Vitex flavescens Rolfe
Vitex goetzei GÃ¼rke
Vitex mechowii GÃ¼rke
Vitex mufutu De Wild.
Vitex mombassae is a stiffly-branched, deciduous shrub or small tree usually growing up to 8 metres tall with exceptional specimens up to 17 metres[
The fruits are a very popular local food, being picked from the wild for personal use and also for selling in local markets[
]. Although not usually cultivated, the plant is often protected on farms when land is cleared[
Tropical Africa - Burundi, DR Congo, Kenya, Tanzania, Angola, Namibia, Malawi, Zambia, Zimbabwe, Mozambique, Botswana.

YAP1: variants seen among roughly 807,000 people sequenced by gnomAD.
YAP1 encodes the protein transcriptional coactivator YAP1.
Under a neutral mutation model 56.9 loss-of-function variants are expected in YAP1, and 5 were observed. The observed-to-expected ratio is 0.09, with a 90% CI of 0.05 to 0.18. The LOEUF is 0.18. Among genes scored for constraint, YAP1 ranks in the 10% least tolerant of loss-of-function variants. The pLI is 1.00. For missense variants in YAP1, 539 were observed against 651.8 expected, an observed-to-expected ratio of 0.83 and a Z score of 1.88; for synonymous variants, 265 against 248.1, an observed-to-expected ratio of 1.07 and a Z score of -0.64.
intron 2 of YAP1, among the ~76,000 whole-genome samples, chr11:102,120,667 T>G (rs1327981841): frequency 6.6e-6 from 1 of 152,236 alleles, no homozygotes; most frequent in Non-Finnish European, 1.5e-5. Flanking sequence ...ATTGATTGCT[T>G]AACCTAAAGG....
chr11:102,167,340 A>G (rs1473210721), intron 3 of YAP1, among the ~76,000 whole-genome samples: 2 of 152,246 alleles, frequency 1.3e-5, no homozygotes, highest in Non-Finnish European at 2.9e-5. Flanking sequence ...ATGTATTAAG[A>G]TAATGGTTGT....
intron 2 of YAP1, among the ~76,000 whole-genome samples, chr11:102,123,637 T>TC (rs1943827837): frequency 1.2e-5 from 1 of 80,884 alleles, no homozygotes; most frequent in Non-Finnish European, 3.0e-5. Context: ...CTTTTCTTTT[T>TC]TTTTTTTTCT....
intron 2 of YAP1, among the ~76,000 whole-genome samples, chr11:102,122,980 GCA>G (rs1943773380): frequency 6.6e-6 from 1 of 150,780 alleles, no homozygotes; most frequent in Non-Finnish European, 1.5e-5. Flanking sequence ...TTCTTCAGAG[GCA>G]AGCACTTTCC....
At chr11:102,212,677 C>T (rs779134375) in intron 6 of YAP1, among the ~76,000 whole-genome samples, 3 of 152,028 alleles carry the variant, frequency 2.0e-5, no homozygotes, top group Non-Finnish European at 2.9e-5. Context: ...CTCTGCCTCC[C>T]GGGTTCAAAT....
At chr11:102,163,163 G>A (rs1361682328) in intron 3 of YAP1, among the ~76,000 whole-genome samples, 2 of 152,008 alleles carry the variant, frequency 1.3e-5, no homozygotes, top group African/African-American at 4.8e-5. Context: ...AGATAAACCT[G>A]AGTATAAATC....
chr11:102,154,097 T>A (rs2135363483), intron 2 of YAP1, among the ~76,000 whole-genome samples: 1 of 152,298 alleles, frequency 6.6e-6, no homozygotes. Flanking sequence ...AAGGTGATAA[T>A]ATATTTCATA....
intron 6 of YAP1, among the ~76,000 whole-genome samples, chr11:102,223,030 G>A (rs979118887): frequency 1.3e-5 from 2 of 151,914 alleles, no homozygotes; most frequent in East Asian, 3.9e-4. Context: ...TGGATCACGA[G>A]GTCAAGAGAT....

Deciduous woodland and thickets on Kalahari Sand and on escarpments and rocky outcrops, and in wooded grasslands; at elevations from 300 - 1,800 metres[
|Other Uses Rating||
|Cultivation Status||Semi-cultivated, Wild
Prefers a sandy soil with a high groundwater[
The fruits are borne in profusion[
Fruit - raw or cooked[
]. The juicy fruit has a sharp, persistent taste and an unpleasant smell, but is much eaten, especially by herdsmen and children[
]. They can be boiled up into a sweet, black syrup[
]. The dark brown to purplish-black globose fruit about 4cm x 3cm[
]. The fruit is rich in vitamin C[
The wood ash is soaked in water and filtered. The resulting liquid is used to tenderize vegetables during cooking[
The roots are boiled and the decoction used as a remedy for diabetes, infertility, and as an antiemetic[
The wood is used for poles, troughs, grain mortars, pestles, spoons and tool handles[
The wood is used for fuel[
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